There are certain criteria that need to be matched in order to be eligible for shared ownership.

  • The scheme is available for first time buyers or previous home owners who cannot currently afford to buy a home now
  • Those whose combined household is less than £80,000 outside of the capital, or £90,000 if you are buying a property available for shared ownership in London
  • Those who are currently renting a council property
  • Those who are currently renting from a housing association
  • In line with government priorities, top priority for shared ownership homes is awarded to serving military personnel and former members of the British Armed Forces discharged in the last two years.
  • In some cases, priority will be given to those who live and/or work within a certain radius of the property.
  • If you're aged 55 or over, you can get help from another home ownership scheme entitled 'Older People’s Shared Ownership'.

How does Shared Ownership help first-time buyers?

Shared ownership is ideal not only for first time buyers, but for families on modest incomes, those who used to own a home but cannot currently afford to buy outright. The scheme makes buying a house more achievable and affordable by significantly reducing the amount of money needed to a buy a house at full value on the open market.

Initial deposits are typically significantly lower, as is the amount of monthly rent.

What are the costs involved in buying through shared ownership?

Deposit - Perhaps the single largest upfront payment, buyers will typically need 10% of the entire value of their share in the property.

For example, if you are buying 25% of a property with an open market value of £150,000 you will typically need to pay 10% x 25% x £150,000 which would equate to £3750.

Shared Ownership deposits are usually much less than you would expect to pay through Help to Buy schemes (e.g. a deposit equaling 5% of the full market value). In some cases shared ownership properties are available with 5% deposit.

Mortgage fees - In today's competitive housing market, there is the possibility of a fee-free mortgage. However, arrangement fees on low interest rates can at times be quite large. This could include valuation fees, arrangement fees and lenders fees

Legal Costs - Through the legal process, otherwise known as 'conveyancing', expertise can be sought out from specialist firms or from solicitors, though solicitors are often found to be slightly more expensive.

Stamp Duty - You have the option of paying stamp duty on the full market value of the property or it is possibly to pay stamp duty only on your initial share, the on the rent you will pay per year.

Surveys - It is always wise to have a survey carried out on any property purchase. You may wish to consider a snagging survey if the property is a new build. These surveys may typically cost between £300 and £600.

Other costs may include: removals, upfront rent, monthly service charges and utility sign up fees.

Does stamp duty apply to Shared Ownership?

There are two possible options when it comes to paying stamp duty on a shared ownership home, see the Stand Duty Land Tax Guide.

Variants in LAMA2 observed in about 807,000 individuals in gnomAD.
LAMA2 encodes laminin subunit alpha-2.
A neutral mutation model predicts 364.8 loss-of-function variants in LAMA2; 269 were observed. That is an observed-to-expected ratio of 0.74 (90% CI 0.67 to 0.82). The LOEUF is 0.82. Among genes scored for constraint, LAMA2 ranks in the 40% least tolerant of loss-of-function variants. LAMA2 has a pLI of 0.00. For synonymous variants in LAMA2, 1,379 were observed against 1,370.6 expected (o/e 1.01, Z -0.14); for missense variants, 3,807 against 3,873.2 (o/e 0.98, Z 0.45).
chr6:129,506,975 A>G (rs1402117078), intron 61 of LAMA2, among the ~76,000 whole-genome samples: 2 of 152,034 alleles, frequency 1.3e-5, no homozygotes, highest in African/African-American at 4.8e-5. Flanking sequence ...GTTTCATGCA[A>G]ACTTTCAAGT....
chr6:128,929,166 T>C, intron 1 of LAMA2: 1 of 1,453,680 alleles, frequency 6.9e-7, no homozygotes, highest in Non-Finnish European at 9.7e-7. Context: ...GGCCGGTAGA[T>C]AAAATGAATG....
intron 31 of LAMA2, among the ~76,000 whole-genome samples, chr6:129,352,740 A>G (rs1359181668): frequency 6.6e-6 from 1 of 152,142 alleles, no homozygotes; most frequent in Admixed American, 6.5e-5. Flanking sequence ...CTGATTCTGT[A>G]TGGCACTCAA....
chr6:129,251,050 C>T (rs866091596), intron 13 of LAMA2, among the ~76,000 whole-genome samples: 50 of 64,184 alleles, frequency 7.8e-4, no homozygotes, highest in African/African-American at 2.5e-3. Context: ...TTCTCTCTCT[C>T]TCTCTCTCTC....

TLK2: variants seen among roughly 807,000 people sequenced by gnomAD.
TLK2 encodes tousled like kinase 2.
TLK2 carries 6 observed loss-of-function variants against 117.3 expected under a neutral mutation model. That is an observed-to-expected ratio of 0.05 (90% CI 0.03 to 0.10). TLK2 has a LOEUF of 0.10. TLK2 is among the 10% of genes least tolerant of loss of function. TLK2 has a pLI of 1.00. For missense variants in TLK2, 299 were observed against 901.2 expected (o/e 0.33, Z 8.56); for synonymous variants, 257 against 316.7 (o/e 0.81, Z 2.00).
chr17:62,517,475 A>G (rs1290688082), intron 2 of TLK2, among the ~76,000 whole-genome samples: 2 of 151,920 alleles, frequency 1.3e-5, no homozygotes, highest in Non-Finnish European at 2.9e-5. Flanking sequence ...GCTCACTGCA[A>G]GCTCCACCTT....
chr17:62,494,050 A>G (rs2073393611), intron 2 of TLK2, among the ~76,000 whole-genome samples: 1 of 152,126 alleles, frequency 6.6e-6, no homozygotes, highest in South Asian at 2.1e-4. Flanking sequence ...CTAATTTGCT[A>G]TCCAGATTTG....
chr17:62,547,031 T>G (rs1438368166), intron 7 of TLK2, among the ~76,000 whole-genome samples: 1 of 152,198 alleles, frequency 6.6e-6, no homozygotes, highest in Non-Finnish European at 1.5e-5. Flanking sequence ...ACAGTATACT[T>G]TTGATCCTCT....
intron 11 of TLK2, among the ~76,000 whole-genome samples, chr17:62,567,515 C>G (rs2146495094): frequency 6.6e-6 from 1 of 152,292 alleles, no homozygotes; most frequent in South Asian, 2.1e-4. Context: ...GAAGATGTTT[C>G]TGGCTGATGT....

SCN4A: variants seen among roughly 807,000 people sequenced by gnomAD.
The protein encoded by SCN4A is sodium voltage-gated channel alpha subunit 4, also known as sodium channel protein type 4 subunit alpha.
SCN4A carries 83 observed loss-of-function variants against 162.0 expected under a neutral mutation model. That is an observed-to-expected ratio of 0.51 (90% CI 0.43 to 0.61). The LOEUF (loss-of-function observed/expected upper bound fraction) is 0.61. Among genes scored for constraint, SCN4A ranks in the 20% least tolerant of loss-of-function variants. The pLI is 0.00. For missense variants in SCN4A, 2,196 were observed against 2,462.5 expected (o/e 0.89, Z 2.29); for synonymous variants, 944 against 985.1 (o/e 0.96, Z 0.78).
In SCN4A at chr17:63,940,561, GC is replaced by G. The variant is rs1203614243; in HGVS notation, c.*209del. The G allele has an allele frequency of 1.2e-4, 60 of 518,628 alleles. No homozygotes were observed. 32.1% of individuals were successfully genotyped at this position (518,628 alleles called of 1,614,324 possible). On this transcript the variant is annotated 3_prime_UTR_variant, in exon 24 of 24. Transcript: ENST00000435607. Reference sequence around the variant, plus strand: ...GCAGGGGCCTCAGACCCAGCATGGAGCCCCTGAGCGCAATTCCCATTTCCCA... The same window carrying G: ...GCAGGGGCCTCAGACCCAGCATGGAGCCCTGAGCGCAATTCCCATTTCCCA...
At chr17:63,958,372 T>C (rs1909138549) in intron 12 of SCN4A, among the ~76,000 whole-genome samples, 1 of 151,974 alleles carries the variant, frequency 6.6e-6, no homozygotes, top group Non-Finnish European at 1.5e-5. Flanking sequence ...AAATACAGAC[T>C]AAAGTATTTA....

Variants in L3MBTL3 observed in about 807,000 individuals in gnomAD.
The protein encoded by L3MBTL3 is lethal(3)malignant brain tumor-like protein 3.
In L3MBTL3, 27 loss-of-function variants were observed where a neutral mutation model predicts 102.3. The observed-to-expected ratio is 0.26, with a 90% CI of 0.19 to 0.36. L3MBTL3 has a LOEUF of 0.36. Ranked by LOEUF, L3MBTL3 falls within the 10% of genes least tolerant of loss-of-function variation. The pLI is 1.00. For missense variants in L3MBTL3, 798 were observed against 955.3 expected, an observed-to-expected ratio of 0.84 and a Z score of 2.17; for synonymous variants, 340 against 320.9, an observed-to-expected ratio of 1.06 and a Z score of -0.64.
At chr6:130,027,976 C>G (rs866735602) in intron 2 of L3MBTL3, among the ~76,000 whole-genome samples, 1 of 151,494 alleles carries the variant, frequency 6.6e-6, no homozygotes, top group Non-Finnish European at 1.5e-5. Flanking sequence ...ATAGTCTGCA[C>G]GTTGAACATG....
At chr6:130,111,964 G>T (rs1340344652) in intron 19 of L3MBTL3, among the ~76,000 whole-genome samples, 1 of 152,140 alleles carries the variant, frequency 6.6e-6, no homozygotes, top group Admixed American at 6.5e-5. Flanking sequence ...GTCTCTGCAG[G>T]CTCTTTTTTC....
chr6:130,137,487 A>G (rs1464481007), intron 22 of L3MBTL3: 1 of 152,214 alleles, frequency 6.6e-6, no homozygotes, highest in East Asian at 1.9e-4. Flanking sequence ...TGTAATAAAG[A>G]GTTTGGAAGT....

1. You have the option of paying stamp duty on the full market value of the property.

2. You may decide to pay stamp duty only on your initial share, the on the rent you will pay per year.

What is the difference between Shared Ownership and shared equity?

The two schemes are quite different.

With shared equity schemes, the buyer does not pay rent, and no portion of the property is owned by a housing association or other organisation.

As the buyer is helped by an equity loan, 100% of the property is owned from the beginning. Often, the equity loan is interest free for a significant period of time, however it will need to be paid back once the property is sold.

What is Help to Buy?

Help to Buy is a collection of government schemes aimed to assist buyers getting onto the property ladder in an affordable manner. Along with the Help to Buy: ISA, Help to Buy: Shared Ownership and Help to Buy: Equity Loan are both available as part of the collection of Help to Buy initiatives.

What is a Help to Buy ISA?

Seperate from Shared Ownership and the Equity Loan, the Help to Buy ISA pays first time buyers a government bonus e.g. save £200 a month and the government will add £50. Through this scheme it is possible to get up to an additional £3000 - meaning you can boost your savings from £12000 to £15000.

Advantages of Shared Ownership over shared equity

When buying a shared ownership home, a smaller deposit required. There is also the option to pay less stamp duty initially.

Where can you get a Shared Ownership mortgage?

From building societies to high street names, there are currently around twenty mortgage lenders offering shared ownership mortgages.

If you reside in an area with a local building society it may be beneficial to speak to these alongside the larger banks and mortgage providers, as these local lenders often lend to those buying in the area.

Some lenders offer products and packages specifically tailored for Shared Ownership borrowers, however some will also let you choose from their full range of mortgage options.

Will you ever fully own the property?

Yes, when you buy a shared ownership property, it is possible to fully own the property by buying more shares over time. This process is known as staircasing.

What is staircasing?

Simply put, staircasing the process of increasing the percentage of the shared ownership property you own. Once a larger proportion is owned, monthly rent will be further reduced. Should the value of the property have increased by the time you come to sell your home, you will benefit from a larger profit depending on how much of the property is owned.